This week I had quite a unique experience speaking with art therapists. In Cairo, Carol Hammal is a pioneer in the field. She is the only art therapist in Egypt. Even though Carol is the sole art therapist, she works at a hospital and also with other psychologists at the Wellness Hub, a holistic treatment center where a number of practitioners with various specializations provide healing and therapeutic services to clients. She leads monthly workshops to make others aware of the benefits of art therapy. She hopes to spark an interest so others will become trained in the field. Carol received her training from Drexel University in Pennsylvania and is working hard to bring art therapy academic programming to her country. You can watch Carol’s TEDx Talk here.
In Israel, there are eight college and university creative arts therapy programs. Art therapy is thriving in this country. We met with several different types of arts therapists, from dance/movement therapists to bibliotherapists (who focus on the written word) to visual art therapists. We learned of art therapy being offered regularly in the schools, including for disabled children, art therapy for cancer patients, art therapy for survivors of the Holocaust, and much more.
Israel also has a number of music and drama therapists, and through the country’s own academic programs and the therapists’ work with a variety of different populations of various backgrounds and ages, the therapists have created unique treatment approaches that reflect the people they serve. Many of the therapists are also leading research efforts to further our broader understanding of how creative arts therapies positively benefit clients.
Our discussion in Israel ended with an art making exercise, which was led by two art therapists to illustrate an example of an art therapy process sometimes used with clients in group therapy sessions. Each person was given a sheet of paper and one color to use. We only had 10 seconds to do artwork on the paper before we had to pass the paper to the person on our right. Then, we were given 10 seconds to draw on the paper we received.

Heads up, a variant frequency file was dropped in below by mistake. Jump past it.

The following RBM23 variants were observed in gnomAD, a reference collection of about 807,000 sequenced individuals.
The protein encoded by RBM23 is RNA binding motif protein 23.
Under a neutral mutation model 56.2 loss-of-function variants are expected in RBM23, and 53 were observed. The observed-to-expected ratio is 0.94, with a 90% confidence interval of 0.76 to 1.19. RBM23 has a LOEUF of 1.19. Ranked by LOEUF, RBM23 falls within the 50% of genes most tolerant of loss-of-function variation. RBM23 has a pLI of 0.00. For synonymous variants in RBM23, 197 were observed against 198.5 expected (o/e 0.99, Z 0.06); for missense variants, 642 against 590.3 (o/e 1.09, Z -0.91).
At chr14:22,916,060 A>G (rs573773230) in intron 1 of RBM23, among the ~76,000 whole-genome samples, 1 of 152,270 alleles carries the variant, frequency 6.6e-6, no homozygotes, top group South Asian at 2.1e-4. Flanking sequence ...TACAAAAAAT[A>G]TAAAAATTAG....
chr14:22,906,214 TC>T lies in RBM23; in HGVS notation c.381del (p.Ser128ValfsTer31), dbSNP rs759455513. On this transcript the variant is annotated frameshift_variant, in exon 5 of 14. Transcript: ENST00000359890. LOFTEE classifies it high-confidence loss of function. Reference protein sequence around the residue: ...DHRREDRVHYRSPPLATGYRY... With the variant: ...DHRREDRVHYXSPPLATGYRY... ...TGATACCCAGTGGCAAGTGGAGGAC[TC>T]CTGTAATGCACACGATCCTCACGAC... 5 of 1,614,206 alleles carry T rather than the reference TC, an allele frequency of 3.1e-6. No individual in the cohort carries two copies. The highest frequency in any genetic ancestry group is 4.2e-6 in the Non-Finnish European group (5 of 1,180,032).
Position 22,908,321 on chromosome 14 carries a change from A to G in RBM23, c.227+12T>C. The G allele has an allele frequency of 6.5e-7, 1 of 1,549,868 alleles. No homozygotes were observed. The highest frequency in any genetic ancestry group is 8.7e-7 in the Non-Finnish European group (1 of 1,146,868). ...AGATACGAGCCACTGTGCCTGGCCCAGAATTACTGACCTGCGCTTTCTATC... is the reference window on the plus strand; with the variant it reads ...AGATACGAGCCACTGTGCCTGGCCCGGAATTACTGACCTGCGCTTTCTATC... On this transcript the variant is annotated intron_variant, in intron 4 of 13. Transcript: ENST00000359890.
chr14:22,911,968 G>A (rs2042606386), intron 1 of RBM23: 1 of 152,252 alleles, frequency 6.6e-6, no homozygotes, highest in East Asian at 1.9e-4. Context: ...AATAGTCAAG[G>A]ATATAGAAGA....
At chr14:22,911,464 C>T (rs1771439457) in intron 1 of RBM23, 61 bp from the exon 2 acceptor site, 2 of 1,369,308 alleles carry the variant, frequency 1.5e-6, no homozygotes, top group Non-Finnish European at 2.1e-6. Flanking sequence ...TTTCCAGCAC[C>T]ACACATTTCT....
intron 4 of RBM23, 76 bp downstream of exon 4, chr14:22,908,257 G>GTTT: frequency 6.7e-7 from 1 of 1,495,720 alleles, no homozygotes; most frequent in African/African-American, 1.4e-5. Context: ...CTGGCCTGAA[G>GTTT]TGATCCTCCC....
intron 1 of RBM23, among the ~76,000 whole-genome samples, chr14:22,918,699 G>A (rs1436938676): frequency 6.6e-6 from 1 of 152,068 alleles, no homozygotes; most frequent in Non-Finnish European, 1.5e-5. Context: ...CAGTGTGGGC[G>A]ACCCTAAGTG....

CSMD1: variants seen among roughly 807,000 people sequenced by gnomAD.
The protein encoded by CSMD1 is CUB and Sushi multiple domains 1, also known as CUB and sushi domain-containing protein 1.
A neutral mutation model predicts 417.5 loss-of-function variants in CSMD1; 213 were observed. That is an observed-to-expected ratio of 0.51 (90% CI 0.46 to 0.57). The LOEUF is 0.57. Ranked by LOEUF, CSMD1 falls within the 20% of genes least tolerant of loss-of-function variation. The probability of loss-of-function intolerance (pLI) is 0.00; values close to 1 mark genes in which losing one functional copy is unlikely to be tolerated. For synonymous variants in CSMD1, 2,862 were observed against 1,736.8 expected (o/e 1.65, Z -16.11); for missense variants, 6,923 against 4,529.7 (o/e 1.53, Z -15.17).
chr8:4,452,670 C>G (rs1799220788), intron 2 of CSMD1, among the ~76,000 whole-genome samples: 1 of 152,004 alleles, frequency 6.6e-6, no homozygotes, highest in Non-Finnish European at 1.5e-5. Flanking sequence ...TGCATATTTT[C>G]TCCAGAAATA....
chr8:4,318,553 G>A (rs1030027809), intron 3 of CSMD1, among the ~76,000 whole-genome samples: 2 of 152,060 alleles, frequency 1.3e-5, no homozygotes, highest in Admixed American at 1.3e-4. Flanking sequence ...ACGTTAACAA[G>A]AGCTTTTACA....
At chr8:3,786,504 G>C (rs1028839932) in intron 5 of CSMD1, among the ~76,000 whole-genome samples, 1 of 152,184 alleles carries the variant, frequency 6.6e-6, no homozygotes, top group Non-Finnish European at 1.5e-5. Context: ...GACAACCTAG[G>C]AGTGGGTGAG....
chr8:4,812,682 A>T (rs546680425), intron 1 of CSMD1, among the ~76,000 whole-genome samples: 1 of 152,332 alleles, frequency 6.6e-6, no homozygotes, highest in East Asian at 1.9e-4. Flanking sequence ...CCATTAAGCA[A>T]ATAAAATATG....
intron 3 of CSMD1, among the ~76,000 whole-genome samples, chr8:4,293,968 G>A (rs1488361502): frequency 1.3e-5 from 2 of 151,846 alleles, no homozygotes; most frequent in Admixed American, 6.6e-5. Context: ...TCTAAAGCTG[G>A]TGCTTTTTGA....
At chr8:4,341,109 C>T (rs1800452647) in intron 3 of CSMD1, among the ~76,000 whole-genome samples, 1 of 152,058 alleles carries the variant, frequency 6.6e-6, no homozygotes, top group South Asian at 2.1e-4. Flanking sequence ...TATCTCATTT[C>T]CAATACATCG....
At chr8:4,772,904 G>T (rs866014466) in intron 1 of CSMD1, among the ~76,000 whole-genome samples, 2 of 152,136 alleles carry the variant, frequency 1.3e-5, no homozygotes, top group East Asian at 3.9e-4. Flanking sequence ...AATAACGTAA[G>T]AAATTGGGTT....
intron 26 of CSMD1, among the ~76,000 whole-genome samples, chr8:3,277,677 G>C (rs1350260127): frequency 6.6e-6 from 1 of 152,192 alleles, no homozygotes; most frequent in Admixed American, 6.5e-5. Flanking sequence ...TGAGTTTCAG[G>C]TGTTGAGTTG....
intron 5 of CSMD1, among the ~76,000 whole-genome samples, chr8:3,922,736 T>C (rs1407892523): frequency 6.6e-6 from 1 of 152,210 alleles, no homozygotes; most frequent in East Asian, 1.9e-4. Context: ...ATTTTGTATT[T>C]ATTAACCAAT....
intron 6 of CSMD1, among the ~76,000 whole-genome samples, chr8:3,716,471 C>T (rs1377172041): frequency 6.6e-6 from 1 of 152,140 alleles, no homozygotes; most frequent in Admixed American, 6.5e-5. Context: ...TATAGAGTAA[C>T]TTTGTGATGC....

This process continued until we received the paper we started with in the exercise. The therapists who led this directive said the process enables participants to communicate with the language of art instead of words. We discussed how the process also sparks questions such as how do I feel when someone invades my space or changes the direction I intended for my drawing, which can help illuminate insight into one’s own feelings as well as the unique thoughts and feelings of the other group members.
We spoke with an art therapist in Jordan who proclaimed the benefits of art therapy for healing. She shared that while art therapy is just beginning to emerge in the country, and many people are unfamiliar with the practice, they are finding particular success working with children, and they’re seeing growing interest in art therapy.
As I travel the world and the United States, I never cease to marvel at the dedication and amazing professional skills these art therapists possess. They are truly changing lives, and I am grateful these art therapists in particular took the time to share some of their experiences with me.
I am honored to have this national and international platform to shine the light on art therapy. I hope you continue to follow along as I will share stories about my visits across the United States and around the world to elevate art therapy.
Art therapy is near and dear to my heart. To learn more about my initiative, Art Therapy: Healing with the HeART, click here. To stay updated on our events in the Office of the Second Lady, follow us on Twitter at @SecondLady.